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Oklahoma Economist Suggests Ways to Pay for Teacher Raises


Support for giving Oklahoma’s teachers a raise is high, but proposals on how to pay for it are in short supply.

At least one lawmaker has gone so far as to tell his colleagues not to file teacher pay raise bills if they don’t have an identified funding source.

One potential source is Oklahoma’s sales tax, which was created for a goods-based economy. OSU economist Dan Rickman said that worked 50 years ago, but now we have a service-based economy.

"I think we could broaden that base and bring in a lot of money, and that wouldn't necessarily be raising rates, just kind of broadening it to things that probably should have already been taxed," Rickman said.

Support for broadening the sales tax is growing among lawmakers, but that’s partly because cities are starting to eye it as a stable source of additional funding for them, too.

While many are on the hunt for additional revenue, Rickman said the state education funding formula is another place to look. Rickman said he often meets people surprised by Oklahoma’s statewide equity of funding.

"I would like to see that ended, because that would allow the districts who want to be very aggressive in promoting education, in their economic development, free them up to be the leaders in this and maybe show us," Rickman said. "It'd be an experiment, right? If it fails, then no one else will do it."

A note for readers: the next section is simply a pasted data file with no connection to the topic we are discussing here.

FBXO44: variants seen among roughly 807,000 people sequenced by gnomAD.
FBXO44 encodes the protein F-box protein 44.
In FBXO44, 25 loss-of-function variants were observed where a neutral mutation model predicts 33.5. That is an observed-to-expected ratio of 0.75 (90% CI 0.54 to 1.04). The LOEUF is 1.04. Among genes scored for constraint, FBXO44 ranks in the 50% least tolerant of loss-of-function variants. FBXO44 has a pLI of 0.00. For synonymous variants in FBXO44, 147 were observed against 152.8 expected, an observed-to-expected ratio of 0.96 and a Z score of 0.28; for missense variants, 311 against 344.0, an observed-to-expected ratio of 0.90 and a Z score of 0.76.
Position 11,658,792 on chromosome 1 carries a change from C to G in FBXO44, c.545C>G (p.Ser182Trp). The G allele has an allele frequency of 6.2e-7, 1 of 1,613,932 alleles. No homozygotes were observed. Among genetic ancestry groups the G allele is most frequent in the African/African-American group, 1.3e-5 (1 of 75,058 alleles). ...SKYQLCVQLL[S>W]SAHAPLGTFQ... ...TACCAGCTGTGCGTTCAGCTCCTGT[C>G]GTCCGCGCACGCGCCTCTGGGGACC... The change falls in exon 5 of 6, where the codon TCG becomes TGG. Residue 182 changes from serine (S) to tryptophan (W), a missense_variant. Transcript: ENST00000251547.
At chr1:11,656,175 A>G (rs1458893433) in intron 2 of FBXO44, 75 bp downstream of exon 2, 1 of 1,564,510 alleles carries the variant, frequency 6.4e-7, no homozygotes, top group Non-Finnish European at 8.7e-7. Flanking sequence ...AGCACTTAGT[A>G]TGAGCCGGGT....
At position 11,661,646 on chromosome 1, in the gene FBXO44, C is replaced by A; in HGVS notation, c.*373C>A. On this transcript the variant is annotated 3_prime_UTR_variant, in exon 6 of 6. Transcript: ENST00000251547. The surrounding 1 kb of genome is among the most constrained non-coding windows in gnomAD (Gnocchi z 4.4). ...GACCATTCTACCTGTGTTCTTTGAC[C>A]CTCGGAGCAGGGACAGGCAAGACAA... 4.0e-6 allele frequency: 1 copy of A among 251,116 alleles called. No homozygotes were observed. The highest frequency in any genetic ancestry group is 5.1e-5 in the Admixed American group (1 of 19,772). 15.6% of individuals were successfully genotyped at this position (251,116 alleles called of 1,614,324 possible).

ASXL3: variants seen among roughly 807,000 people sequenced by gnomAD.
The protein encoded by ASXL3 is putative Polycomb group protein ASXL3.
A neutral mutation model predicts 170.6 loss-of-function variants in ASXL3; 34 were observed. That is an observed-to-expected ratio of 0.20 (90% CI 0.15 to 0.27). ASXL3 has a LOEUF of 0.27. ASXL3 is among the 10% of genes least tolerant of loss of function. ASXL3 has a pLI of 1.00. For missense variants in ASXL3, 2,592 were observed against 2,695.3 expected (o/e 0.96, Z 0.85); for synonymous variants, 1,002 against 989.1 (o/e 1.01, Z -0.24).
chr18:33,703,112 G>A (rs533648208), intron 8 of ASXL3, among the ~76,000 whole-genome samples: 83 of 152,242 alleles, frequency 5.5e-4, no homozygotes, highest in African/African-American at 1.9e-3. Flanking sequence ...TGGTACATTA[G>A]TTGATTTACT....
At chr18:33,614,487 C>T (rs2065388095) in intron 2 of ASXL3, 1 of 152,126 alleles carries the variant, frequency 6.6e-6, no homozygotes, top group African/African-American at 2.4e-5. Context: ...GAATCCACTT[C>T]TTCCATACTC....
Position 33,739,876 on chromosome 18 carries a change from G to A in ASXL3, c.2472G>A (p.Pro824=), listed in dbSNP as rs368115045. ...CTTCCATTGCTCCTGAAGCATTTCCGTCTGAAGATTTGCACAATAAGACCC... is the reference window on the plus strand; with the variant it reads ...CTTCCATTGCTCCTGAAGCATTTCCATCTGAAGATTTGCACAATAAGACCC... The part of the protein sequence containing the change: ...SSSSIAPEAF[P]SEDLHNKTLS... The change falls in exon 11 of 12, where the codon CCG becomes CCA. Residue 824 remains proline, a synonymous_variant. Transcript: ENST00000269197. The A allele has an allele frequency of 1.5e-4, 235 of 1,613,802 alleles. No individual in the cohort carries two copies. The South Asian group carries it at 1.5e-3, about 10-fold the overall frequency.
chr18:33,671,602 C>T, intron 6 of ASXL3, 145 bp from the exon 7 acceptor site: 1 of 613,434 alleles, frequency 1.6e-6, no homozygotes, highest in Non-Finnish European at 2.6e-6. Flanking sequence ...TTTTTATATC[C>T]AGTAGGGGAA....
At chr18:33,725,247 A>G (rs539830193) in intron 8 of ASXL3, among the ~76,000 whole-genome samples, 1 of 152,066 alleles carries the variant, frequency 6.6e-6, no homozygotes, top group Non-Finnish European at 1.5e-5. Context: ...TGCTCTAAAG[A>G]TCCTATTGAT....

Rickman pointed to Texas, where the average teacher salary is higher than in Oklahoma, but it’s pulled up by teachers in urban areas making more than those in rural areas. Funding formulas in states like Texas and Colorado allow local entities to kick in more funding, creating some unevenness between rural and urban areas.

"They had a recent ballot initiative to try to provide some funding for rural areas in Colorado, and it was shot down," Rickman said. "But they're not holding the whole state back, because Denver, you know, they can have more flexibility. They have some really great districts, not because of state funding but because of the local areas."

Rickman offered his ideas in response to a question about how to pay for teacher raises at a 2017 economic outlook conference hosted by OSU Tuesday in Oklahoma City.

Matt Trotter joined KWGS as a reporter in 2013. Before coming to Public Radio Tulsa, he was the investigative producer at KJRH. His freelance work has appeared in the Los Angeles Times and on MSNBC and CNN.